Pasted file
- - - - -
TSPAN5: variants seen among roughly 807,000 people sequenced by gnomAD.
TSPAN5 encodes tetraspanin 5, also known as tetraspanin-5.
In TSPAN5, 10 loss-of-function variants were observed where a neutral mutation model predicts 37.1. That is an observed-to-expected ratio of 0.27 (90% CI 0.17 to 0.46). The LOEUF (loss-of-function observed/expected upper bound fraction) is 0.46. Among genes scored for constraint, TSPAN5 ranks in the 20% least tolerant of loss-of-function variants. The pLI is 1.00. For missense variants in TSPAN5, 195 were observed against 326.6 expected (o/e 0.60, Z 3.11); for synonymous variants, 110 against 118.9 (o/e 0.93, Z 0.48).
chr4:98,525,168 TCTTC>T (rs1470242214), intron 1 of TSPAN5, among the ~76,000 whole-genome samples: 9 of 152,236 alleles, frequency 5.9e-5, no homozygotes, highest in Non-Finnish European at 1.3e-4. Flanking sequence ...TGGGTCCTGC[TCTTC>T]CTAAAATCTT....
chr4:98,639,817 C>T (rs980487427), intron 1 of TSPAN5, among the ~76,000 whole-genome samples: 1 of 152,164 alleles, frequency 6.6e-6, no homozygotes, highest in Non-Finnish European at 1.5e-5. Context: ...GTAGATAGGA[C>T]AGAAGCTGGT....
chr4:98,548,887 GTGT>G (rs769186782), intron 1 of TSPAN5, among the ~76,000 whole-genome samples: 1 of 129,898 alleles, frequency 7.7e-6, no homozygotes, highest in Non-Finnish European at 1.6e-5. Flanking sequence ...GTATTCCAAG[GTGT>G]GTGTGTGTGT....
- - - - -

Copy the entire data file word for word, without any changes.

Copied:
TSPAN5: variants seen among roughly 807,000 people sequenced by gnomAD.
TSPAN5 encodes tetraspanin 5, also known as tetraspanin-5.
In TSPAN5, 10 loss-of-function variants were observed where a neutral mutation model predicts 37.1. That is an observed-to-expected ratio of 0.27 (90% CI 0.17 to 0.46). The LOEUF (loss-of-function observed/expected upper bound fraction) is 0.46. Among genes scored for constraint, TSPAN5 ranks in the 20% least tolerant of loss-of-function variants. The pLI is 1.00. For missense variants in TSPAN5, 195 were observed against 326.6 expected (o/e 0.60, Z 3.11); for synonymous variants, 110 against 118.9 (o/e 0.93, Z 0.48).
chr4:98,525,168 TCTTC>T (rs1470242214), intron 1 of TSPAN5, among the ~76,000 whole-genome samples: 9 of 152,236 alleles, frequency 5.9e-5, no homozygotes, highest in Non-Finnish European at 1.3e-4. Flanking sequence ...TGGGTCCTGC[TCTTC>T]CTAAAATCTT....
chr4:98,639,817 C>T (rs980487427), intron 1 of TSPAN5, among the ~76,000 whole-genome samples: 1 of 152,164 alleles, frequency 6.6e-6, no homozygotes, highest in Non-Finnish European at 1.5e-5. Context: ...GTAGATAGGA[C>T]AGAAGCTGGT....
chr4:98,548,887 GTGT>G (rs769186782), intron 1 of TSPAN5, among the ~76,000 whole-genome samples: 1 of 129,898 alleles, frequency 7.7e-6, no homozygotes, highest in Non-Finnish European at 1.6e-5. Flanking sequence ...GTATTCCAAG[GTGT>G]GTGTGTGTGT....